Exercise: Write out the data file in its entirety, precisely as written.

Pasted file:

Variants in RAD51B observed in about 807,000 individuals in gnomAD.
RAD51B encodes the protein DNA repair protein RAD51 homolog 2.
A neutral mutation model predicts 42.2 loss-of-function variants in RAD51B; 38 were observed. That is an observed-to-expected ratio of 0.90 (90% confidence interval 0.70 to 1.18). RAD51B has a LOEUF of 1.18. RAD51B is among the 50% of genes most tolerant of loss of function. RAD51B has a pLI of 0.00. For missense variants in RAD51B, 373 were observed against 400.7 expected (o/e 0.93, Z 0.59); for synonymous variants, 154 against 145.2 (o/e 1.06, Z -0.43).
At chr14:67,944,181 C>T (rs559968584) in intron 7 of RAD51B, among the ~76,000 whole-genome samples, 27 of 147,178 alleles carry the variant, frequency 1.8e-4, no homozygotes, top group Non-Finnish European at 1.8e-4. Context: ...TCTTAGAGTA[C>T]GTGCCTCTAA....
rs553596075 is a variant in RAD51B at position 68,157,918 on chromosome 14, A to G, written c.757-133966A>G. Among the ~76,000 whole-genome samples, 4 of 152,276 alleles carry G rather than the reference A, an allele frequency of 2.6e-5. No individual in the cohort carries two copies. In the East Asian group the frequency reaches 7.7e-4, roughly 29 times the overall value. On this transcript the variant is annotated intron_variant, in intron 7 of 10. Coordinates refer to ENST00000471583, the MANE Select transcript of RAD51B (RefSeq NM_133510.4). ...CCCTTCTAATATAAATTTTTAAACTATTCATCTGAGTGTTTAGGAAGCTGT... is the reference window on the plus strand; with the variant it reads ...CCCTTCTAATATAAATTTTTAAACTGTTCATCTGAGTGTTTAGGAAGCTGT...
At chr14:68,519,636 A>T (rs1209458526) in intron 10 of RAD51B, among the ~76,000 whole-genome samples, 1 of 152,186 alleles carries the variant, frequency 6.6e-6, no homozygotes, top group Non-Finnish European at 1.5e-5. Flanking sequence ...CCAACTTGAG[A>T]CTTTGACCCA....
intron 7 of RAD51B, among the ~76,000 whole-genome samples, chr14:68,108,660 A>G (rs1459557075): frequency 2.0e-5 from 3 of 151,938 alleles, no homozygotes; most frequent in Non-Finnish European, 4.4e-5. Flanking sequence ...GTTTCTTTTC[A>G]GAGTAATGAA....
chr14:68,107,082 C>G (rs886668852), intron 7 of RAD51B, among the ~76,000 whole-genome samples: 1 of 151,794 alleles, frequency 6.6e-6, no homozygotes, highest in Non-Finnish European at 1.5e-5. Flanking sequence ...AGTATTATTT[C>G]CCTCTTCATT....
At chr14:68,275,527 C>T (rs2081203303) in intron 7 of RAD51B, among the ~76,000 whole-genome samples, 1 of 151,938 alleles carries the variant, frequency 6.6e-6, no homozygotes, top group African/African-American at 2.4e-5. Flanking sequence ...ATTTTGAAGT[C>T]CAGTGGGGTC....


Variants in RAD51B observed in about 807,000 individuals in gnomAD.
RAD51B encodes the protein DNA repair protein RAD51 homolog 2.
A neutral mutation model predicts 42.2 loss-of-function variants in RAD51B; 38 were observed. That is an observed-to-expected ratio of 0.90 (90% confidence interval 0.70 to 1.18). RAD51B has a LOEUF of 1.18. RAD51B is among the 50% of genes most tolerant of loss of function. RAD51B has a pLI of 0.00. For missense variants in RAD51B, 373 were observed against 400.7 expected (o/e 0.93, Z 0.59); for synonymous variants, 154 against 145.2 (o/e 1.06, Z -0.43).
At chr14:67,944,181 C>T (rs559968584) in intron 7 of RAD51B, among the ~76,000 whole-genome samples, 27 of 147,178 alleles carry the variant, frequency 1.8e-4, no homozygotes, top group Non-Finnish European at 1.8e-4. Context: ...TCTTAGAGTA[C>T]GTGCCTCTAA....
rs553596075 is a variant in RAD51B at position 68,157,918 on chromosome 14, A to G, written c.757-133966A>G. Among the ~76,000 whole-genome samples, 4 of 152,276 alleles carry G rather than the reference A, an allele frequency of 2.6e-5. No individual in the cohort carries two copies. In the East Asian group the frequency reaches 7.7e-4, roughly 29 times the overall value. On this transcript the variant is annotated intron_variant, in intron 7 of 10. Coordinates refer to ENST00000471583, the MANE Select transcript of RAD51B (RefSeq NM_133510.4). ...CCCTTCTAATATAAATTTTTAAACTATTCATCTGAGTGTTTAGGAAGCTGT... is the reference window on the plus strand; with the variant it reads ...CCCTTCTAATATAAATTTTTAAACTGTTCATCTGAGTGTTTAGGAAGCTGT...
At chr14:68,519,636 A>T (rs1209458526) in intron 10 of RAD51B, among the ~76,000 whole-genome samples, 1 of 152,186 alleles carries the variant, frequency 6.6e-6, no homozygotes, top group Non-Finnish European at 1.5e-5. Flanking sequence ...CCAACTTGAG[A>T]CTTTGACCCA....
intron 7 of RAD51B, among the ~76,000 whole-genome samples, chr14:68,108,660 A>G (rs1459557075): frequency 2.0e-5 from 3 of 151,938 alleles, no homozygotes; most frequent in Non-Finnish European, 4.4e-5. Flanking sequence ...GTTTCTTTTC[A>G]GAGTAATGAA....
chr14:68,107,082 C>G (rs886668852), intron 7 of RAD51B, among the ~76,000 whole-genome samples: 1 of 151,794 alleles, frequency 6.6e-6, no homozygotes, highest in Non-Finnish European at 1.5e-5. Flanking sequence ...AGTATTATTT[C>G]CCTCTTCATT....
At chr14:68,275,527 C>T (rs2081203303) in intron 7 of RAD51B, among the ~76,000 whole-genome samples, 1 of 151,938 alleles carries the variant, frequency 6.6e-6, no homozygotes, top group African/African-American at 2.4e-5. Flanking sequence ...ATTTTGAAGT[C>T]CAGTGGGGTC....